Diverse leaders, local insights reveal path to untapped markets

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Editor's Note: This is part two of a three-part series on the changing demographics of mortgage borrowers. Read part one and part three.

When data doesn't tell the whole story about untapped market opportunities, mortgage executives must draw on their personal experiences and local expertise to craft unique strategies to reach new borrowers.

It took a mortgage executive's personal experience and understanding of borrowers and homebuilders in his bank's footprint to come up with an innovative model for homes that addresses an unmet borrower need. While he wasn't looking to build mortgage or homebuilding business on a larger scale when he came up with the concept, it has that potential.

While it's easy for mortgage executives to get bogged down with day-to-day obligations inside their businesses, it's important to maintain perspective on the world outside those four walls.

If executives are themselves members of an underserved group it goes a long way toward reaching that group as a lender and an employer, according to Patty Arvielo, president of New American Funding.

"I'm a woman at a large mortgage company and I happen to be Latina," she said, adding that she credits efforts she began five years ago to become more active in the Latino community and be more involved with mentoring employees for the makeup of the company's 58% female, 43% minority employee base.

She heads the company with her husband, Rick, and said she's found it helpful to have leaders of both genders, so all employees have a C-suite role model to look to.

Sometimes there is an underserved borrower need that exists, but very little data available to point to it. That's when going out into the community or drawing on observations by local branches and executives can come in.

Rick Davis, a senior vice president at Fidelity Bank in West Des Moines, Iowa, first recognized there was a borrower need that wasn't being filled when his father got older and began having health and accessibility needs that his housing didn't address.

Davis began to notice it was an issue for the larger community around him, which included a sizable segment of the population that was older and in some cases, had a military service background that statistically makes disability more likely.

He discussed the issues with builders he knew in his work originating loans for a bank that specialized in new construction and found single-family detached homes are rarely, if ever, built with such needs in mind, except possibly as custom construction.

Eventually, with the bank's permission, he put his own money into an experiment where model homes are built with standard features for the aging and disabled. The homes are all single-story and include walk-in bathtubs, with options that can be customized to meet individual needs from there.

More typically these features get introduced through remodeling, but whether that's the best route often depends on the house, Davis said.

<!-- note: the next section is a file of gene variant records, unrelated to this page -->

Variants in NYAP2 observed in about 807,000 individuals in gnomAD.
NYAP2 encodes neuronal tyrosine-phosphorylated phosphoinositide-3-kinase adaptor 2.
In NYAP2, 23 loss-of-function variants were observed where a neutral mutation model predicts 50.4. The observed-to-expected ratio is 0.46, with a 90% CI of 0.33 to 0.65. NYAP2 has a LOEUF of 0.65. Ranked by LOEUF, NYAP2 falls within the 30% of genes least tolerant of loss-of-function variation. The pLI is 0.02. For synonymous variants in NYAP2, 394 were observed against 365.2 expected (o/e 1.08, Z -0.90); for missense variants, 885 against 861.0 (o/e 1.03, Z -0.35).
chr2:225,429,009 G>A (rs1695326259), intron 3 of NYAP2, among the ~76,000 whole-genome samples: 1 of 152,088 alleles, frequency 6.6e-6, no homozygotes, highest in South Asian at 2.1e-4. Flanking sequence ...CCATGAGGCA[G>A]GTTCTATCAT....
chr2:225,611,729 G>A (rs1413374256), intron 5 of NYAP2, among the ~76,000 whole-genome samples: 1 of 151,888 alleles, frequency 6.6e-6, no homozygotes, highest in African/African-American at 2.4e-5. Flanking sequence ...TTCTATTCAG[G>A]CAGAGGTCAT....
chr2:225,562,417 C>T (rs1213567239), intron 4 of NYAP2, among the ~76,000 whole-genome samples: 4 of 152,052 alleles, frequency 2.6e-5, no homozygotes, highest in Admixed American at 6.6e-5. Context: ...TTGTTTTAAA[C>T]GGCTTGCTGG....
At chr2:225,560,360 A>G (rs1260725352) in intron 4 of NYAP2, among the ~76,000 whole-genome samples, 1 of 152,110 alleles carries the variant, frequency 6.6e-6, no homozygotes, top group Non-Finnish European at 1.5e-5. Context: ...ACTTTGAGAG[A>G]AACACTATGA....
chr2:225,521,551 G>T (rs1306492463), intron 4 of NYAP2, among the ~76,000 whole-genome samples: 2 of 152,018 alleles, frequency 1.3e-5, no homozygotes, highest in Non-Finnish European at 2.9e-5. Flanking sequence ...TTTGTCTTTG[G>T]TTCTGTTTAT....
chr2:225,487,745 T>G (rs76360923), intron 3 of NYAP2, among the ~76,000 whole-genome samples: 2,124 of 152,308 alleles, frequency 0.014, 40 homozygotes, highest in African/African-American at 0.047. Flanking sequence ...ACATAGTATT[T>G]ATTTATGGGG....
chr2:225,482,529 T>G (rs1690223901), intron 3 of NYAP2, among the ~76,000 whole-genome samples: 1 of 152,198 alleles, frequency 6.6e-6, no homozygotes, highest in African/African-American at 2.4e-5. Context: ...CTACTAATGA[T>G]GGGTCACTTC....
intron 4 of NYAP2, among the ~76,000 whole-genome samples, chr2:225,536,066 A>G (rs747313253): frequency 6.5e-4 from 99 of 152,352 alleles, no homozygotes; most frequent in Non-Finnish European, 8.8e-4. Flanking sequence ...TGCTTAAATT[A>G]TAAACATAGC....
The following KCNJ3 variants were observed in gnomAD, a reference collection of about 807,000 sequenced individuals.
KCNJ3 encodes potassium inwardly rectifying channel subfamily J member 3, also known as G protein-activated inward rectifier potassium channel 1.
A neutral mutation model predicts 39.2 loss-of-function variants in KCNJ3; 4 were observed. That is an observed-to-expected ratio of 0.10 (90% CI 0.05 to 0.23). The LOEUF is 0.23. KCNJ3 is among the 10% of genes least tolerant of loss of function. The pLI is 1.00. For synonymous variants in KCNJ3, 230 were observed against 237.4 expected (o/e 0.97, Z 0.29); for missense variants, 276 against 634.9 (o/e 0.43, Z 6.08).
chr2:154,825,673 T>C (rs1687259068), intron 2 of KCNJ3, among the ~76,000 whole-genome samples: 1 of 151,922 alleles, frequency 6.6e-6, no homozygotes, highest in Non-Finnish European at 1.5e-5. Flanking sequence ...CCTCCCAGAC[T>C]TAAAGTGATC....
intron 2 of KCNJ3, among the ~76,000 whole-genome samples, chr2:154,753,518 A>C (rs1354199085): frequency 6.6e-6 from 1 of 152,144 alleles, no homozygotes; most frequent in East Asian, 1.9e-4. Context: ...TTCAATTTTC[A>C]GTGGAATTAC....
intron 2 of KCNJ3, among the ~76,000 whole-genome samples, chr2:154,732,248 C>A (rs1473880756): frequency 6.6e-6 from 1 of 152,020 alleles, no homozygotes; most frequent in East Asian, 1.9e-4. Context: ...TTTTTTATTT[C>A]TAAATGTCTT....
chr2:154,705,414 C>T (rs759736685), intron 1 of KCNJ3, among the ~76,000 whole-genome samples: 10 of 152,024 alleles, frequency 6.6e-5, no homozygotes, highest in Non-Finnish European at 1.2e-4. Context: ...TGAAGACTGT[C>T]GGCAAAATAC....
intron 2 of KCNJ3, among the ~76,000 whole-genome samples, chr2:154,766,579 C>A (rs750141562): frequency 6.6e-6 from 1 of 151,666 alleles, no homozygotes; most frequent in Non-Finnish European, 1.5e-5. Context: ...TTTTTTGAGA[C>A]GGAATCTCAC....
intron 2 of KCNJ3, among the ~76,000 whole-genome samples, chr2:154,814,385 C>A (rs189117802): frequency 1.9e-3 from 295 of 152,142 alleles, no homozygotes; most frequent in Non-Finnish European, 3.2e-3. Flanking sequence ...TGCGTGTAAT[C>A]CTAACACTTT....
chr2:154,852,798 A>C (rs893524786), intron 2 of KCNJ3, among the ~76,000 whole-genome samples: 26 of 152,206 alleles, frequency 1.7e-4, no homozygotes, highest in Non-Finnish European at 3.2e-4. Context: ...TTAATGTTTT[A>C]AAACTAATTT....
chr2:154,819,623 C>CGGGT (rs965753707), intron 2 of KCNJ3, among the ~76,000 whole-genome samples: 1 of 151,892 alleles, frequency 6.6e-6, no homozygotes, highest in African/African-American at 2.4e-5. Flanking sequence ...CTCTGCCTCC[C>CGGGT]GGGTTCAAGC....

The concept makes sense for Iowa and the country overall. In both cases, the 65 and older demographic is projected to represent roughly 20% of its population by 2050, according to census data.

He doesn't see his particular investment as a big moneymaker, but he hopes it will create a market that could build greater volume for lenders and builders. If builders can supply the homes, lenders can apply their expertise in helping senior borrowers get construction loans, rehabilitation loans, or possibly reverse mortgages.

"My goal is to break even. If I don't make a nickel, but somebody who can't take a shower because they can't get up the stairs now can and they're happy, that's good," said Davis. "But the guys making mortgages working with a builder they trust could get something done and make a difference in their community."

There aren't readily available statistics on the number of houses prebuilt with such features or builders who make them, but there is data to support general interest in building single-family detached homes for older Americans and anecdotal examples of builders, like Stanton Homes in North Carolina, that advertise custom accessibility features.

Senior citizen homeownership is higher than the national average of 63.7%, at 75.4% for ages 55-64 and 78% for age 65 and up, according to Census data. Also, seniors tend to age in place, which locks up a lot of existing home inventory. But that could change if seniors had new single-family homes available that address quality of life issues.

"If I don't make a nickel, but somebody who can't take a shower because they can't get up the stairs now can and they're happy, that's good. But the guys making mortgages working with a builder they trust could get something done and make a difference."
— Rick Davis, SVP, Fidelity Bank

"You could help the neighborhood that they're leaving," said Davis. "People do the most to their house when they sell it and when they buy it. It could be a win for everybody."

Although it's unclear to what extent the concept of prebuilt, detached accessibility homes for seniors has become a reality, it's an idea that's been around for years, said Paul Emrath, vice president for survey and housing policy research at the National Association of Home Builders.

Single-story structures with wider hallways for access intended for seniors are not unheard of, but surveys suggest things like walk-in bathtubs have less universal appeal to older Americans.

"The issue is some people don't want to admit that they're going to have health issues," Emrath said.

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Diversity and equality Growth strategies Recruiting Homebuilders Reverse mortgages